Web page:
Amcom mk66 project
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AMCOM Mk66 Project. Adrian LaufFiliz Genca Ashley DevotoJason Newquist Matthew GalanteJeffrey Kohlhoff Shannon Stonemetz. What we have. Program source code/operating system (core) Interface specification identifications Processing core. RMS procedural outline.

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AMCOM Mk66 Project

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AMCOM Mk66 Project

Adrian LaufFiliz Genca

Ashley DevotoJason Newquist

Matthew GalanteJeffrey Kohlhoff

Shannon Stonemetz


What we have

  • Program source code/operating system (core)

  • Interface specification identifications

  • Processing core


RMS procedural outline

  • Inform missile of ready state

  • Feed missile coordinates of target and position

  • Send fire go signal

  • Receive error control signals via serial

  • End


Rocket management system

  • Current system uses analog line for purposes of charging a timing capacitor

  • Proposed implementation of an RS-232 digital serial interface

  • RS-232 allows for target data transfer at comfortable data rates, from 300bps to 115200bps.

  • Standard 9600bps baud rate will more than likely suffice


Rocket management system (cont’d)

  • RS-232 implementation at 12V active-low

    • Allows for extended serial cable lengths

  • Allows for debugging based on a PC serial port using 12V active-low

    • PC may be used in conjunction with Matlab, C or other to simulate rocket management system outputs

  • Data format based on target data:

    • Current position and elevation

    • Target position and elevation

    • Current speed

  • Guidance module returns “target acquired” signal


IMU

  • IMUs may provide analog or digital outputs; IMUs that we have researched mostly output serial digital signals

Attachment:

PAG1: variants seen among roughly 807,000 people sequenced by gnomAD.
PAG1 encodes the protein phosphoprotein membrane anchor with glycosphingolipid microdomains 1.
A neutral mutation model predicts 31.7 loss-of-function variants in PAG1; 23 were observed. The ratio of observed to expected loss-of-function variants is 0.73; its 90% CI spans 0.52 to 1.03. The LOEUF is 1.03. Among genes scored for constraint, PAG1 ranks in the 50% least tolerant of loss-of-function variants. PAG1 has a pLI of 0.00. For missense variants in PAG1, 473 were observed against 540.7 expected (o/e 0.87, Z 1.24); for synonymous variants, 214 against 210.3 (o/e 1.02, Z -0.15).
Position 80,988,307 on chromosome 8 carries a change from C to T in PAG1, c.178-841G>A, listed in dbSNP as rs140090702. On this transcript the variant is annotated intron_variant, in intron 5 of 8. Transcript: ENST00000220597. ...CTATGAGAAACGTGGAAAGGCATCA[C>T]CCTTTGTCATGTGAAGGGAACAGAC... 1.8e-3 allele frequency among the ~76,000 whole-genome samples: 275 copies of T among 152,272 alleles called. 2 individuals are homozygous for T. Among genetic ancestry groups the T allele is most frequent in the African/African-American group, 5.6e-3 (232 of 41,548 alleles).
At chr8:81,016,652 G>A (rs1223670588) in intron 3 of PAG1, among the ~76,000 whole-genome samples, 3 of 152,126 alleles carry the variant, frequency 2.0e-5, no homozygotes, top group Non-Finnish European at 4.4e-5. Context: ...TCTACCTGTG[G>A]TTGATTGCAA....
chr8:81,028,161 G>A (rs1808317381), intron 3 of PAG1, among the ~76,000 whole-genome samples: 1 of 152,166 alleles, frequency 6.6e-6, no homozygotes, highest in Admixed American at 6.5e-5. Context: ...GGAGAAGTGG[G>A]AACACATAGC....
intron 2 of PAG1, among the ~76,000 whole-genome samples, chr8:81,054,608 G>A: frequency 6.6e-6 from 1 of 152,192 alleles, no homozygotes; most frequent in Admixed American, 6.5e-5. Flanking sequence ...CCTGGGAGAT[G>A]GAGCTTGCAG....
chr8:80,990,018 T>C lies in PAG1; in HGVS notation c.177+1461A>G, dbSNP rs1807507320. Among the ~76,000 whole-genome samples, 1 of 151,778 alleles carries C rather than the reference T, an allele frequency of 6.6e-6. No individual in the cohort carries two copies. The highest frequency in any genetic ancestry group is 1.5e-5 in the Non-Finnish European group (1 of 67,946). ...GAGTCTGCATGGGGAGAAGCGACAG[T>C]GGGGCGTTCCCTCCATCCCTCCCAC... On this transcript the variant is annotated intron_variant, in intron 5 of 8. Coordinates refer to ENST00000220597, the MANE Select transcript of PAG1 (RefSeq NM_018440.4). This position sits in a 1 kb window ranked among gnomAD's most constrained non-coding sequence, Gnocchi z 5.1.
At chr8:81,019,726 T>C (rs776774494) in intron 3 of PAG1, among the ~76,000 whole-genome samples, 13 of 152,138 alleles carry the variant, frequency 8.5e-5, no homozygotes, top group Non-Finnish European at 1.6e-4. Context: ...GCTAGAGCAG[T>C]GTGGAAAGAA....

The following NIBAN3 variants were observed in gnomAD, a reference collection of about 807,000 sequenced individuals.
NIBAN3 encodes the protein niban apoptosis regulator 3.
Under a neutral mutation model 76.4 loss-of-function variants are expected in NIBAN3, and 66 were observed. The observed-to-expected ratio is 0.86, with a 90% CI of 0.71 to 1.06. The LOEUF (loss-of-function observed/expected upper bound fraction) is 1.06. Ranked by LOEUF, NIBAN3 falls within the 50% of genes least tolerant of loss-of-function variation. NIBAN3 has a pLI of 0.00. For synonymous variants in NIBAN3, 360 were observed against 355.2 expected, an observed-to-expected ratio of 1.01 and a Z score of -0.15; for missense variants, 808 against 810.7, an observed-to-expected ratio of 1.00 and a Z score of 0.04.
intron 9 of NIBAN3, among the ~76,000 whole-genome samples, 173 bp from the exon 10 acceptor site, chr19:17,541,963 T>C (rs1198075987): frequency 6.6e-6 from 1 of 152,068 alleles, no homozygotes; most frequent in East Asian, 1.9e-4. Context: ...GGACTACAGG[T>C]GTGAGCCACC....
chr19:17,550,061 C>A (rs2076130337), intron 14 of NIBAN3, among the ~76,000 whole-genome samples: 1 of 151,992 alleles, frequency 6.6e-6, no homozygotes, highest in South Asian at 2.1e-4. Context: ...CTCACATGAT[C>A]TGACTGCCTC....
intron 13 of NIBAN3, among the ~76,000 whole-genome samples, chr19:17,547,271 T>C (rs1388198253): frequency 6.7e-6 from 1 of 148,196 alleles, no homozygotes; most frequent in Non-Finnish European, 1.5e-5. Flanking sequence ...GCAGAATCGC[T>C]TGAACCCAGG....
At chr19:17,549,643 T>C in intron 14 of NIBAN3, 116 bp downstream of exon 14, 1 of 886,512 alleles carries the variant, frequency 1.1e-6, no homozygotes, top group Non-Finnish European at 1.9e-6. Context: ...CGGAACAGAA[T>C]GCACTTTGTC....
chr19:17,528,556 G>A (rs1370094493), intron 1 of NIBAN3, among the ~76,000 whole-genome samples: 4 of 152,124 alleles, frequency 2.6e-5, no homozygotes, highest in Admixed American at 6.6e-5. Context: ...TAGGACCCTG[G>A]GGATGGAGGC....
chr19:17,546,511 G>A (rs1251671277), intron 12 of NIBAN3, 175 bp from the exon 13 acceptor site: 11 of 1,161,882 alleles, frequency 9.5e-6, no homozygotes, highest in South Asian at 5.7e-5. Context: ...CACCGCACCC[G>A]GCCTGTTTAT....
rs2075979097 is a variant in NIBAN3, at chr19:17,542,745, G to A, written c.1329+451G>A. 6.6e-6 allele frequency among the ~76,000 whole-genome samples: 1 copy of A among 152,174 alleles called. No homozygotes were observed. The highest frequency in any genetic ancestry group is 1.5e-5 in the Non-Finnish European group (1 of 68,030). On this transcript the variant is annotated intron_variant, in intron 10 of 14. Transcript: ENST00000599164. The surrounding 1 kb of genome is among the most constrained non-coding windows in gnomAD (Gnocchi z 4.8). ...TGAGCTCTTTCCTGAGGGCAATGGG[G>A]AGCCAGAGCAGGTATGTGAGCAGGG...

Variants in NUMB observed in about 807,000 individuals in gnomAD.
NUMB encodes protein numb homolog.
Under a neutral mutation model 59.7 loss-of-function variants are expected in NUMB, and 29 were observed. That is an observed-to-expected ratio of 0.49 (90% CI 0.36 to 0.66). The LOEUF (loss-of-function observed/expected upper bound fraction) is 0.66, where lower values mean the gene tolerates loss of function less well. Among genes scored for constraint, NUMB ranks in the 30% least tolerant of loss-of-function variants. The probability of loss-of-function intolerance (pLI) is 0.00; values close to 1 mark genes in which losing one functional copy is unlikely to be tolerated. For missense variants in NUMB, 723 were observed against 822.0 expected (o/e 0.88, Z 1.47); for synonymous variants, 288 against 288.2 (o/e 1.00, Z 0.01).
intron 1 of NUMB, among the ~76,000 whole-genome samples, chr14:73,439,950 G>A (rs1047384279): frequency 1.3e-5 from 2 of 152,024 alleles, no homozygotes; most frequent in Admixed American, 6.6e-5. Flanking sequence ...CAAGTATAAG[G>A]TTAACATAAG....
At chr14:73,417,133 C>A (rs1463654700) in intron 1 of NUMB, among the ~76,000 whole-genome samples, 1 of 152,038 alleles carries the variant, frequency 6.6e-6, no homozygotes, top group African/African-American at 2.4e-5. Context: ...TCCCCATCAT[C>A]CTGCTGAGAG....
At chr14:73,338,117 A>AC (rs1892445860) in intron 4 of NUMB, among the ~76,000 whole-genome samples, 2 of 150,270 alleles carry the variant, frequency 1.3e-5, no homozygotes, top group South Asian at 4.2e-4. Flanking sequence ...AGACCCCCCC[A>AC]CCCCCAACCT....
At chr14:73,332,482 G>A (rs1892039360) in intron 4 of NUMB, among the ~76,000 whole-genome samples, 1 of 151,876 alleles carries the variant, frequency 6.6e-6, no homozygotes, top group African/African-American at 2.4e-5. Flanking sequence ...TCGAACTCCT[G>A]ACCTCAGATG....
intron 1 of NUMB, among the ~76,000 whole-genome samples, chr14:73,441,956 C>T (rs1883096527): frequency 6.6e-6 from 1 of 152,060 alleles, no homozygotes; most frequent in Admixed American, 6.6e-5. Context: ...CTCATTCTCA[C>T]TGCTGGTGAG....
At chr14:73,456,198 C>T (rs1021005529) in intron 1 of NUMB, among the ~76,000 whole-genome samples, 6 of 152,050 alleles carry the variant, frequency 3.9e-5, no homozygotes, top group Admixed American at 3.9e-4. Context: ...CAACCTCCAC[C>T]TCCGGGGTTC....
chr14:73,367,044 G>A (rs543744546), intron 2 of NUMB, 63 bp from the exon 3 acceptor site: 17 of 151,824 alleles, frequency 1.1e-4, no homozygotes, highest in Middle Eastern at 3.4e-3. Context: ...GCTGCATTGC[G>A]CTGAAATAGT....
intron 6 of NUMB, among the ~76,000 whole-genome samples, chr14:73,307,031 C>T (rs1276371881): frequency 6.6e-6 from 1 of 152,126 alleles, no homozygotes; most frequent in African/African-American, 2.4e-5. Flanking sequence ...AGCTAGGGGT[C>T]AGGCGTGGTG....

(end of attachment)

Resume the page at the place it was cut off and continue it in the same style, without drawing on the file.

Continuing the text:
• 2-wire serial outputs, 5V TTL to Altera serial I/O line

    • Standard to be defined


IMU

  • Selected system: Honeywell GunHard MEMS IMU

  • Serial I/O

  • 5VDC power supply

  • 9600bps data transfer rate

  • Requires 422 to 232 conversion


GPS

  • G12-HDMA receiver

    • 4.25’’ tall x 2.3’’ wide

    • Weight – 0.175 lb

    • Power – 1.8 W receiver 0.3 W antenna

    • Max Acceleration – 23 Gs up to 30 Gs

  • Initialization time – 45 sec cold and 11 sec hot

  • Time-To-First-Fix – 3 sec

  • Reacquisition – 2 sec

  • Operating Temperature - (-30) C to 70C


GPS

  • Digital serial I/O lines

  • 5VDC (TTL-level power), no voltage division required

  • Data transmission rate at 9600bps will allow for more than 8 times the necessary data rate for 16 corrections/sec


Datamap

ser.

GPS

RMS

3

3

RS232

Actuator Control

Cyclone

ser.

4

ADC

3

IMU

Feedback

n

8 par.

SDRAM

PC100


How we will simulate

  • RMS, GPS and IMU data will be provided (simulated) by a PC

  • All I/O will take place through one RS-232 port


To be done

  • Physics modeling

  • I/O polling routines

  • System software compilation and loading

  • Bus/Battery power transition


ME Timeline

Canard Deployment System Construction

Design

Finalization

One Month

Two Months

Present

Outer Shell Construction

Simulation and Amcom Presentation


Outer Shell ConstructionCurrent Configuration

  • Splined connection on warhead-receiving end

  • Intended to align pin connection on module with warhead

  • Warhead secured by bolts

  • Axial forces concentrated on

  • bolts

  • Difficulty in machining


Outer Shell ConstructionCurrent Configuration

  • Threaded interface on motor-receiving end

  • Threads matched to rocket motor

  • No construction/machining operation defined

  • Substantial warhead modification required


Outer Shell ConstructionProposed Configuration

  • Press-fit interfaces for both ends of avionics module:

  • Ease of construction

  • Greater area of